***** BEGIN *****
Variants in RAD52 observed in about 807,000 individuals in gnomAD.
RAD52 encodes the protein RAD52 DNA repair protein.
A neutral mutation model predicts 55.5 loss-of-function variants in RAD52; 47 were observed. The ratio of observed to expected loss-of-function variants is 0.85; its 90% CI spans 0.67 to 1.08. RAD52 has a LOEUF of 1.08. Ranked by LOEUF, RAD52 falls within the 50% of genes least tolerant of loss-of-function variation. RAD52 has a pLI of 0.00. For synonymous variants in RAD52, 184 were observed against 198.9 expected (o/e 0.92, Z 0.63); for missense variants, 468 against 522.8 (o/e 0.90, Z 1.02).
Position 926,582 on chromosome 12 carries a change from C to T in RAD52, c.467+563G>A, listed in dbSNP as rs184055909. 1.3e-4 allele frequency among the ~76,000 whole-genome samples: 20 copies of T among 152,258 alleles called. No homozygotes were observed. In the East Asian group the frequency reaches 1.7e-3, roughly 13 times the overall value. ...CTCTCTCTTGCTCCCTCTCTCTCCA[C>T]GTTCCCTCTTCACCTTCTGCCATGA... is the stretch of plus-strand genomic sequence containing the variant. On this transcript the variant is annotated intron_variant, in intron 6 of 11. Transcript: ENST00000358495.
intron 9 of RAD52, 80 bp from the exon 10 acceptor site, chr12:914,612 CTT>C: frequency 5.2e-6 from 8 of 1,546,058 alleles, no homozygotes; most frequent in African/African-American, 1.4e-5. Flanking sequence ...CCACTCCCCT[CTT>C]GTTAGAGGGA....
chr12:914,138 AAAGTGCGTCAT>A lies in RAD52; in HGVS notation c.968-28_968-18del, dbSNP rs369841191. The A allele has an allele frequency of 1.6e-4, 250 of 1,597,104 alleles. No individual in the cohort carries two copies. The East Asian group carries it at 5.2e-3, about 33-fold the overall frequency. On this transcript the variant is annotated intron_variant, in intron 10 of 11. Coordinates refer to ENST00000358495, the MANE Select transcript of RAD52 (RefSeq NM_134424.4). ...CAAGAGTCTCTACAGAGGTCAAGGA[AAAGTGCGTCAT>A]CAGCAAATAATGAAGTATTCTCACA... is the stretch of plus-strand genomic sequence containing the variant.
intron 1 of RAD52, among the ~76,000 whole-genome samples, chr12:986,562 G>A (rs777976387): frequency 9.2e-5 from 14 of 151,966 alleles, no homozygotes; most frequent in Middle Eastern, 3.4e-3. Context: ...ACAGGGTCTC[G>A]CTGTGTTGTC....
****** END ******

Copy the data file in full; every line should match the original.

Variants in RAD52 observed in about 807,000 individuals in gnomAD.
RAD52 encodes the protein RAD52 DNA repair protein.
A neutral mutation model predicts 55.5 loss-of-function variants in RAD52; 47 were observed. The ratio of observed to expected loss-of-function variants is 0.85; its 90% CI spans 0.67 to 1.08. RAD52 has a LOEUF of 1.08. Ranked by LOEUF, RAD52 falls within the 50% of genes least tolerant of loss-of-function variation. RAD52 has a pLI of 0.00. For synonymous variants in RAD52, 184 were observed against 198.9 expected (o/e 0.92, Z 0.63); for missense variants, 468 against 522.8 (o/e 0.90, Z 1.02).
Position 926,582 on chromosome 12 carries a change from C to T in RAD52, c.467+563G>A, listed in dbSNP as rs184055909. 1.3e-4 allele frequency among the ~76,000 whole-genome samples: 20 copies of T among 152,258 alleles called. No homozygotes were observed. In the East Asian group the frequency reaches 1.7e-3, roughly 13 times the overall value. ...CTCTCTCTTGCTCCCTCTCTCTCCA[C>T]GTTCCCTCTTCACCTTCTGCCATGA... is the stretch of plus-strand genomic sequence containing the variant. On this transcript the variant is annotated intron_variant, in intron 6 of 11. Transcript: ENST00000358495.
intron 9 of RAD52, 80 bp from the exon 10 acceptor site, chr12:914,612 CTT>C: frequency 5.2e-6 from 8 of 1,546,058 alleles, no homozygotes; most frequent in African/African-American, 1.4e-5. Flanking sequence ...CCACTCCCCT[CTT>C]GTTAGAGGGA....
chr12:914,138 AAAGTGCGTCAT>A lies in RAD52; in HGVS notation c.968-28_968-18del, dbSNP rs369841191. The A allele has an allele frequency of 1.6e-4, 250 of 1,597,104 alleles. No individual in the cohort carries two copies. The East Asian group carries it at 5.2e-3, about 33-fold the overall frequency. On this transcript the variant is annotated intron_variant, in intron 10 of 11. Coordinates refer to ENST00000358495, the MANE Select transcript of RAD52 (RefSeq NM_134424.4). ...CAAGAGTCTCTACAGAGGTCAAGGA[AAAGTGCGTCAT>A]CAGCAAATAATGAAGTATTCTCACA... is the stretch of plus-strand genomic sequence containing the variant.
intron 1 of RAD52, among the ~76,000 whole-genome samples, chr12:986,562 G>A (rs777976387): frequency 9.2e-5 from 14 of 151,966 alleles, no homozygotes; most frequent in Middle Eastern, 3.4e-3. Context: ...ACAGGGTCTC[G>A]CTGTGTTGTC....